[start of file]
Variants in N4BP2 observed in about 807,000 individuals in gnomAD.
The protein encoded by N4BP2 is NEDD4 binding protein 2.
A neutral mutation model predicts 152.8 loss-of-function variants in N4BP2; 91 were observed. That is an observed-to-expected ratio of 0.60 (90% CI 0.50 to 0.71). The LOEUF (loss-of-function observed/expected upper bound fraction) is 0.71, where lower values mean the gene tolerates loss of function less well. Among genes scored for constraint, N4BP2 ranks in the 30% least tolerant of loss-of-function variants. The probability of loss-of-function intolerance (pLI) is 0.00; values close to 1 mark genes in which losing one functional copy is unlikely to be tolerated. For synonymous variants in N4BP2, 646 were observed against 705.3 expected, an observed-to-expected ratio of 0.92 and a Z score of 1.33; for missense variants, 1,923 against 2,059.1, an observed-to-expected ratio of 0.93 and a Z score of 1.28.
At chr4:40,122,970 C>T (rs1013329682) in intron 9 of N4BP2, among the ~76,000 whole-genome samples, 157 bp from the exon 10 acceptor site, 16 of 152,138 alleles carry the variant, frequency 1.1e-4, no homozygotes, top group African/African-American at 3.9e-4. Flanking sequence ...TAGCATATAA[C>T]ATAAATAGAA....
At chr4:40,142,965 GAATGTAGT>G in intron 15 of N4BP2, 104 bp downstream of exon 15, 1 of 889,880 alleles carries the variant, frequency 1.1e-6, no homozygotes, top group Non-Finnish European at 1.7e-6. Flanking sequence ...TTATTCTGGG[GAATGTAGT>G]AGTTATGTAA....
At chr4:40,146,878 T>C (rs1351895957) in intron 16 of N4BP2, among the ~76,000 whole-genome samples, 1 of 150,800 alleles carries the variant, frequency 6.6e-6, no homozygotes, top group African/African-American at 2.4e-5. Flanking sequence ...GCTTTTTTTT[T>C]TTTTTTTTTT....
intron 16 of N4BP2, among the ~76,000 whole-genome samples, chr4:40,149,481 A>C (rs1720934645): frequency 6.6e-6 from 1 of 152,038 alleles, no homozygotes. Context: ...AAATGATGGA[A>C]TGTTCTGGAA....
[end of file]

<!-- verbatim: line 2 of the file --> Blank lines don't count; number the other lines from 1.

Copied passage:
The protein encoded by N4BP2 is NEDD4 binding protein 2.